low = currentPeakPoint; // to
low = currentPeakPoint+1;

And also added some debugging statements to see what was actually happening in the recursive loop, and found that I could refactor the internal call to SearchTarget at the end of the method a bit. It is not needed to call it in both the internal if…else.. branches, one time at the end is good enough. I ended up with the following recursive method:

public static int SearchTarget(int[] sortedArray, int targetValue, int low, int high)
{
  Console.WriteLine(string.Format("target {0}, low {1}, high {2}",targetValue,low,high));
  // stop condition
  if (high <= low) 
  { 
    if (sortedArray[low] == targetValue) 
    { 
      return low; // index found! 
    } 
    Console.WriteLine(string.Format("target {0} does not match value {1} at index {2}", targetValue, sortedArray[low], low)); 
    return -1; // target not found } // high > low means we can cut the range in half
  // but what half? the peakpoint should be the middle of low and high:
  int currentPeakPoint = (high - low)/2 + low;
  Console.WriteLine(string.Format("Peaking at:{0}",currentPeakPoint));
  if (sortedArray[currentPeakPoint] < targetValue)
  {
    // we must search upper half:
    low = currentPeakPoint +1; // this +1`I did not have at first.
  }
  else
  {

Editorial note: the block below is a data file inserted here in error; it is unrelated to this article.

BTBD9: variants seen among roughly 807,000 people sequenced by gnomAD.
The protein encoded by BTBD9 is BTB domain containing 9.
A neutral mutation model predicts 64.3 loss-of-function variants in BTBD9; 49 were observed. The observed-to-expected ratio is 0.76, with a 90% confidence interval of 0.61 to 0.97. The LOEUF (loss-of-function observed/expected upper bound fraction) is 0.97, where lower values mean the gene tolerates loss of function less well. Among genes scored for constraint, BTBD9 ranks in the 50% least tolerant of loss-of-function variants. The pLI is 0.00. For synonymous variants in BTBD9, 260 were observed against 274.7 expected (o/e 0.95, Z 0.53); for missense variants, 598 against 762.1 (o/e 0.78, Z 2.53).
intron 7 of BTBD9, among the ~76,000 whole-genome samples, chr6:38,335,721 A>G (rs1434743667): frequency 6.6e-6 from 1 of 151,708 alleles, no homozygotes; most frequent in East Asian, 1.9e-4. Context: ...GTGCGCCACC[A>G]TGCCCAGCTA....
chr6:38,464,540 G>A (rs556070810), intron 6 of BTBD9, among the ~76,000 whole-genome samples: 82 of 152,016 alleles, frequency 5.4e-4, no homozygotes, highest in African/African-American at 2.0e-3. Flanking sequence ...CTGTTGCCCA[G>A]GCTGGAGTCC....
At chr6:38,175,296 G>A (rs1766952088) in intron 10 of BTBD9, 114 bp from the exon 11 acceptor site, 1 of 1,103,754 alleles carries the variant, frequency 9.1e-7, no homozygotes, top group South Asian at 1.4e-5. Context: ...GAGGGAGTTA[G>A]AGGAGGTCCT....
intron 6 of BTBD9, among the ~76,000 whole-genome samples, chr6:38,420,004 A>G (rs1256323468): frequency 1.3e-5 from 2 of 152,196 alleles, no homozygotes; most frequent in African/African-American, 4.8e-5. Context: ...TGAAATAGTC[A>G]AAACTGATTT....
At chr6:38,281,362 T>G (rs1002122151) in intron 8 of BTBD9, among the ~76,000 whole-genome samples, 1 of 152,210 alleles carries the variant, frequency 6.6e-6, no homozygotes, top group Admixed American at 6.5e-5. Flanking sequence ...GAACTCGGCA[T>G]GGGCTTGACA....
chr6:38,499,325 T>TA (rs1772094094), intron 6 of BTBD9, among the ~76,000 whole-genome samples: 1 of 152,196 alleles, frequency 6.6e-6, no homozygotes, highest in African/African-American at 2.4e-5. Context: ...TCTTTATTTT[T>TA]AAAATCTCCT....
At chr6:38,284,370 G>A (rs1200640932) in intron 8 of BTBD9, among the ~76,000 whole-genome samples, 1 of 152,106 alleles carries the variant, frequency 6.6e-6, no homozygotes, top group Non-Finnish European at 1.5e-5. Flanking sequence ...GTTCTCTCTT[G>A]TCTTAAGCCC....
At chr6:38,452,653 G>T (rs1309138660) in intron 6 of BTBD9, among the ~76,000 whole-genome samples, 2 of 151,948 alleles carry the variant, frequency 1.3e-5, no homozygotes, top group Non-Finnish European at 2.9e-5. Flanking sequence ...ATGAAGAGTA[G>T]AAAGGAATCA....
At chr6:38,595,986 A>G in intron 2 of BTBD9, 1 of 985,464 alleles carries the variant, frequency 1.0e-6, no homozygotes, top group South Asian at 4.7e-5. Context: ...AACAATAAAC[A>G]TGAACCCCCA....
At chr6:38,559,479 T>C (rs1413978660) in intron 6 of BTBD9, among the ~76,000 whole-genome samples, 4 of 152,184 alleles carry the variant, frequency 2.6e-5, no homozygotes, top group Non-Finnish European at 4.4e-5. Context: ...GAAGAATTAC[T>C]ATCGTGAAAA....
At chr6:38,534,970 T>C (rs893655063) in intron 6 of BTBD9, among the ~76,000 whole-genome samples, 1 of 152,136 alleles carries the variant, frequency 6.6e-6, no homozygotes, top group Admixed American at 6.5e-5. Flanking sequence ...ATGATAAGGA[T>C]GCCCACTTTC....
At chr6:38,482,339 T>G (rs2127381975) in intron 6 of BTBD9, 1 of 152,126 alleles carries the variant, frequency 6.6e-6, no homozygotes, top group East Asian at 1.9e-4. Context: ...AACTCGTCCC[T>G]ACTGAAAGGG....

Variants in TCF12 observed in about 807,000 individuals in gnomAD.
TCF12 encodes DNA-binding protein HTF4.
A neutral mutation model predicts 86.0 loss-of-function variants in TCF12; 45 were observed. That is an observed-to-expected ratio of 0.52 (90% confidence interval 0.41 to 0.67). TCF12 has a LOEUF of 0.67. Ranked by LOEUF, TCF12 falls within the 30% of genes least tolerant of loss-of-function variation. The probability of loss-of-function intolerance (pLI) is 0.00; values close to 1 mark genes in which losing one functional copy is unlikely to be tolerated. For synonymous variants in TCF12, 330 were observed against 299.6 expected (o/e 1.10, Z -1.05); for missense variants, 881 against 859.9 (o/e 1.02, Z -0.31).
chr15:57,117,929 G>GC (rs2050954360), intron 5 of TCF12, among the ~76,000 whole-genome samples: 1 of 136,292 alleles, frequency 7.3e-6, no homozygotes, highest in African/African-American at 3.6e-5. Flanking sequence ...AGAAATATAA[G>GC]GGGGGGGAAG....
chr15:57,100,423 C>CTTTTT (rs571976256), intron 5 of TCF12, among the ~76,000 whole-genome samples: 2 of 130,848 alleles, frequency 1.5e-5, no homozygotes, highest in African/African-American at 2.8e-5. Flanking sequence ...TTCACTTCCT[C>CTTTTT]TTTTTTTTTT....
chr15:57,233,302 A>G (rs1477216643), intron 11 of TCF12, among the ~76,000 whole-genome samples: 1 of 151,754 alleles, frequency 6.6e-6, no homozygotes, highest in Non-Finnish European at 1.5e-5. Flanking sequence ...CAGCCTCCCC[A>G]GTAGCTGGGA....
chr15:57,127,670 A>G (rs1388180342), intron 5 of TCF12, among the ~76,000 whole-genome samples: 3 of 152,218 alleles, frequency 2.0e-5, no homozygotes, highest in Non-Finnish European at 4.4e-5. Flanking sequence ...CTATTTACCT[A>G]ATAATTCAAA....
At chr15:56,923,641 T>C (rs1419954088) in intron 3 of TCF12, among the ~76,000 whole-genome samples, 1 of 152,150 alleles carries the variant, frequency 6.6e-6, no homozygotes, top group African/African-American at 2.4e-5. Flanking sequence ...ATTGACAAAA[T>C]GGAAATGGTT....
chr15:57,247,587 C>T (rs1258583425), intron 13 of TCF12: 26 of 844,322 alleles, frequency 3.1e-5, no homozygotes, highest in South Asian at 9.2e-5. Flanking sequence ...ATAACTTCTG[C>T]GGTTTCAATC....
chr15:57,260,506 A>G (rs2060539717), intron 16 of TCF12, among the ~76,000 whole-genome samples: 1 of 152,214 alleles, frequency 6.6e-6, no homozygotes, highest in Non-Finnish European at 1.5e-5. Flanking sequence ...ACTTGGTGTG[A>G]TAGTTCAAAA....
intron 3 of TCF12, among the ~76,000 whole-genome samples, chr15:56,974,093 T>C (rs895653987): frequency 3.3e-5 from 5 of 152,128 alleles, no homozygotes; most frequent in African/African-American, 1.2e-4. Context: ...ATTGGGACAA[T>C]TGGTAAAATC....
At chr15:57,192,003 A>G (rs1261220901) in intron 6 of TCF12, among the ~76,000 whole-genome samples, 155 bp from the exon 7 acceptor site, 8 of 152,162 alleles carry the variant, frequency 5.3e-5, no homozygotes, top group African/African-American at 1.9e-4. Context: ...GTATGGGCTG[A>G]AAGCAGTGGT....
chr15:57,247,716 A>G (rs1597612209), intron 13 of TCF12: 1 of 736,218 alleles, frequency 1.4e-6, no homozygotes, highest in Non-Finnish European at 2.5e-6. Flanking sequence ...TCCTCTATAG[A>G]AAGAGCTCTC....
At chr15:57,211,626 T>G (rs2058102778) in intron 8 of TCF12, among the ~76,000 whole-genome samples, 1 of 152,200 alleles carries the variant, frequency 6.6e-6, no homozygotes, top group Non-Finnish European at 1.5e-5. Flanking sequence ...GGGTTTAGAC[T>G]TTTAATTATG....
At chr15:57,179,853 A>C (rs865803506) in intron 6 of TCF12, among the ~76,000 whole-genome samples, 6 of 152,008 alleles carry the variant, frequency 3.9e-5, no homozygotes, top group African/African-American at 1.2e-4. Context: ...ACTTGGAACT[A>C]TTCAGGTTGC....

// we must search lower half:
    high = currentPeakPoint;
  }
  return SearchTarget(sortedArray, targetValue, low, high);
}

And, all tests green!

Even more tests!

Of course, I added more tests, this time real tests with larger lists, edge-cases, values that are outside the bounds of the sorted-array… just to be sure the method I wrote worked. But the additional tests never broke the code. I present all the other tests that I wrote here just for completeness-sake…

[Test]
public void HundredItems_TargetExists_Success()
{
  int[] sortedArray = new int[100];
  for(int i=0;i<=99;i++)
  {
    sortedArray[i] = i;
  }
  int targetValue = 39;
  int targetIndex = MyBinarySearch.Entry(sortedArray, targetValue);
  Assert.AreEqual(39, targetIndex, "Expected to find the target at index 39");
}

[Test]
public void HundredItems_TargetDoesNotExists_Success()
{
  int[] sortedArray = new int[100];
  for (int i = 0; i <= 99; i++)
  {
    sortedArray[i] = i;
  }
  int targetValue = 139;
  int targetIndex = MyBinarySearch.Entry(sortedArray, targetValue);
  Assert.AreEqual(-1, targetIndex, "Expected to not find the target");
}

[Test]
public void UnEvenItems_TargetExists_Success()
{
  int[] sortedArray = new int[99];
  for (int i = 0; i <= 98; i++)
  {
    sortedArray[i] = i;
  }
  int targetValue = 50;
  int targetIndex = MyBinarySearch.Entry(sortedArray, targetValue);
  Assert.AreEqual(sortedArray[targetIndex], targetValue, "Expected to find the target");
}

[Test]
public void HundredItems_TargetDoesNotExists_ButWithinRange_Success()
{
  int[] sortedArray = new int[100];
  for (int i = 0; i <= 99; i++)
  {
    sortedArray[i] = i*2;
  }
  int targetValue = 139;
  int targetIndex = MyBinarySearch.Entry(sortedArray, targetValue);
  Assert.AreEqual(-1, targetIndex, "Expected to not find the target");
}

[Test]
public void TenThousandItems_TargetExists_Success()
{
  int[] sortedArray = new int[10000];
  for (int i = 0; i <= 9999; i++)
  {